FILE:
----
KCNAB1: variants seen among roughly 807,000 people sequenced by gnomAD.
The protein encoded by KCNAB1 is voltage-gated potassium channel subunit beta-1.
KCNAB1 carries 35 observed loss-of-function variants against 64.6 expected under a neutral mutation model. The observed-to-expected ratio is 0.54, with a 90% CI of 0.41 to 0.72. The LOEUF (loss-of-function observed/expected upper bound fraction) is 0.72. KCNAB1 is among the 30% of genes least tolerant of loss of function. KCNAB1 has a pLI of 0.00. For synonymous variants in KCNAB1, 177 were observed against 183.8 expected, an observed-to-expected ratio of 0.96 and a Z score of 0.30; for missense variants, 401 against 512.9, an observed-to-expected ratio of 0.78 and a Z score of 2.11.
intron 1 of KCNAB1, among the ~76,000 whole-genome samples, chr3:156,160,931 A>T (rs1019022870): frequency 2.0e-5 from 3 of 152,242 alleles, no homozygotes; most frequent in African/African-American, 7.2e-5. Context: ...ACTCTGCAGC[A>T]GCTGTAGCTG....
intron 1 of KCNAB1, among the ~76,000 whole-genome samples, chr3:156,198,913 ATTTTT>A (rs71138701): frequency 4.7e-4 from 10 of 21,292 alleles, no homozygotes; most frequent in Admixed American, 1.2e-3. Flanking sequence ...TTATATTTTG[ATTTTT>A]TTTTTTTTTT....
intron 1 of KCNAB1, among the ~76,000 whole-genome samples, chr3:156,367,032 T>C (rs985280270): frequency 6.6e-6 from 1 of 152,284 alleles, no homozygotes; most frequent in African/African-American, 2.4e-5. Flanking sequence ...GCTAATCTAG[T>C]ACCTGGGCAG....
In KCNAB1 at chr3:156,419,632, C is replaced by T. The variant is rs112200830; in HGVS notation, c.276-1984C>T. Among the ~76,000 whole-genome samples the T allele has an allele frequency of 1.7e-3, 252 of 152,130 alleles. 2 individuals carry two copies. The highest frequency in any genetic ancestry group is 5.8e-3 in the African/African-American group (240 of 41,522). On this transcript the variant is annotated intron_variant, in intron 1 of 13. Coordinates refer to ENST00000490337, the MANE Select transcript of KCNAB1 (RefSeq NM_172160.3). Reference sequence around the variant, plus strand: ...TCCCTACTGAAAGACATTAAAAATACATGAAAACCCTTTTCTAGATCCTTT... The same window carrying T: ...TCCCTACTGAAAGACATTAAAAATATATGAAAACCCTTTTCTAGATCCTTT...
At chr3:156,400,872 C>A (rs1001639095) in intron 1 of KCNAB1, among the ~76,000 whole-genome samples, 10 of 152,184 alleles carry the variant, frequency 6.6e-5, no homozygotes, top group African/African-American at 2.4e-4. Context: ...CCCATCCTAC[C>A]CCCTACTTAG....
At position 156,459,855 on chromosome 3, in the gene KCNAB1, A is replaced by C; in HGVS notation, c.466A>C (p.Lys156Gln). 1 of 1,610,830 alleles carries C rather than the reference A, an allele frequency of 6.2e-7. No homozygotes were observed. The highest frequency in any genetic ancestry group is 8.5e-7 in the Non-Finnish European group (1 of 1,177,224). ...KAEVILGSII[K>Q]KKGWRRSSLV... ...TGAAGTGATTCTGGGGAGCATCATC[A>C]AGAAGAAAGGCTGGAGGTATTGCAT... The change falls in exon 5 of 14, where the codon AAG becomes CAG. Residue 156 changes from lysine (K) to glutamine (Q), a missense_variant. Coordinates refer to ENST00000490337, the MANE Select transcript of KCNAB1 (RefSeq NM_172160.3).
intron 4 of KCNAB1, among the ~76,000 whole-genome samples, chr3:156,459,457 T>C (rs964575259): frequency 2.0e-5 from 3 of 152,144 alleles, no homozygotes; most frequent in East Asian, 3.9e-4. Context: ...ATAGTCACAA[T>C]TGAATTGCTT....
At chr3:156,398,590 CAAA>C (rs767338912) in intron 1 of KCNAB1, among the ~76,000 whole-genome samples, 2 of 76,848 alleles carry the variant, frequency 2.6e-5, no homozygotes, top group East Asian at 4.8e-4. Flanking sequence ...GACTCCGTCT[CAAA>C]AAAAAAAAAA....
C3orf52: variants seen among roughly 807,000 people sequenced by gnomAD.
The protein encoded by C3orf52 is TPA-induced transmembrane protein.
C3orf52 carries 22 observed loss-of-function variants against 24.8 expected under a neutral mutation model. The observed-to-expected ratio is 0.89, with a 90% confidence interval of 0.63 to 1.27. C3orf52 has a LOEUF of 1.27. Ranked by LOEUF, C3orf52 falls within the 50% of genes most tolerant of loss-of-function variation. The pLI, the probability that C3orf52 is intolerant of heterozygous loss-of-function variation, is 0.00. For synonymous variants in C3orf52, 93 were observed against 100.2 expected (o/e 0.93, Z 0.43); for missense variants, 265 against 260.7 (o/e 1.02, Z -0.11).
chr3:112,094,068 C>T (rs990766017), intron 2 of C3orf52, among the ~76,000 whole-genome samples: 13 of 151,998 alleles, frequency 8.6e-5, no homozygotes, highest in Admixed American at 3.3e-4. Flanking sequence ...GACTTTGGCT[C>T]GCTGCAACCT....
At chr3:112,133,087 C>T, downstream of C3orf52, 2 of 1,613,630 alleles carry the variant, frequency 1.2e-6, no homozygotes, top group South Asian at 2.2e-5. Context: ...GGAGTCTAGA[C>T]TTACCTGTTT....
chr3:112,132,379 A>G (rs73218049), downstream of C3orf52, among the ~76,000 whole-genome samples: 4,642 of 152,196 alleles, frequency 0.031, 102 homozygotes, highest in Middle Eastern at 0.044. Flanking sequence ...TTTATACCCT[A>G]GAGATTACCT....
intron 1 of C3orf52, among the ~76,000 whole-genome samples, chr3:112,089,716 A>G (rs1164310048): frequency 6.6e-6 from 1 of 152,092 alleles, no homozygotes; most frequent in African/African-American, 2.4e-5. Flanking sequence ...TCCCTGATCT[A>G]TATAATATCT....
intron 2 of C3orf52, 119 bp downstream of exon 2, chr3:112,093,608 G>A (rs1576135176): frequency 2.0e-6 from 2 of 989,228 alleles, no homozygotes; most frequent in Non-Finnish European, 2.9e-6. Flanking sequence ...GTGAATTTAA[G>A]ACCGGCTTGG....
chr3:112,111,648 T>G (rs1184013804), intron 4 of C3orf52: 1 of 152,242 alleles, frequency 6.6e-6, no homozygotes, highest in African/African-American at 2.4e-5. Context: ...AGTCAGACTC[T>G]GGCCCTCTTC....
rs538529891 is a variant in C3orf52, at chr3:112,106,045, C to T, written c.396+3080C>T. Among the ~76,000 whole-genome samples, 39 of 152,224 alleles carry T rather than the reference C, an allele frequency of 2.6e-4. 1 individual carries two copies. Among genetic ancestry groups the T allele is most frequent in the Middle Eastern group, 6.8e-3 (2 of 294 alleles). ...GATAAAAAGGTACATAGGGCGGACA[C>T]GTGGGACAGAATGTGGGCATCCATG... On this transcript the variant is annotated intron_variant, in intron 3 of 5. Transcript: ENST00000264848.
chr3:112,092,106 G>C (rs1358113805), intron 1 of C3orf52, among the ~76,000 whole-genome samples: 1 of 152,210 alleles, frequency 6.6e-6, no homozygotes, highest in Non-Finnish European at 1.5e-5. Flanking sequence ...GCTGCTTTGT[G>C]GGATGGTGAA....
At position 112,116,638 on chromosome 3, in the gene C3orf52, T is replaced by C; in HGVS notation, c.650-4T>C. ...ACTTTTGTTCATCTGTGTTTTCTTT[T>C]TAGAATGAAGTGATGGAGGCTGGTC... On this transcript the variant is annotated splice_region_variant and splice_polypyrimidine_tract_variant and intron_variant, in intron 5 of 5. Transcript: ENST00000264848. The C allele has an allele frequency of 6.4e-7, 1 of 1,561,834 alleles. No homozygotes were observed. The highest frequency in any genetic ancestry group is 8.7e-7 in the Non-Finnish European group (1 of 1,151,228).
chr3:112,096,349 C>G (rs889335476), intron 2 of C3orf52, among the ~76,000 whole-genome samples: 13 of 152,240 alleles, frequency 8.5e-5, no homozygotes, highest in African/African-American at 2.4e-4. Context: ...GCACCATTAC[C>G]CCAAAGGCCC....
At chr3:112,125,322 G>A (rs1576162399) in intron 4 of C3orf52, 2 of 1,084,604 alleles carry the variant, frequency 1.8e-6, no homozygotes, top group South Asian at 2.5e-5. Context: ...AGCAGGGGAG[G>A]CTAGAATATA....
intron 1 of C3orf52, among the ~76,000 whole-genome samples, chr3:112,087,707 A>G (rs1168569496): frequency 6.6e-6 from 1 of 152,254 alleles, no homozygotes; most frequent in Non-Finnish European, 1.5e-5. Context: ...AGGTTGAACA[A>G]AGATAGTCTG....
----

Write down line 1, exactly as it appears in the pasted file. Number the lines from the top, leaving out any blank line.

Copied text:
KCNAB1: variants seen among roughly 807,000 people sequenced by gnomAD.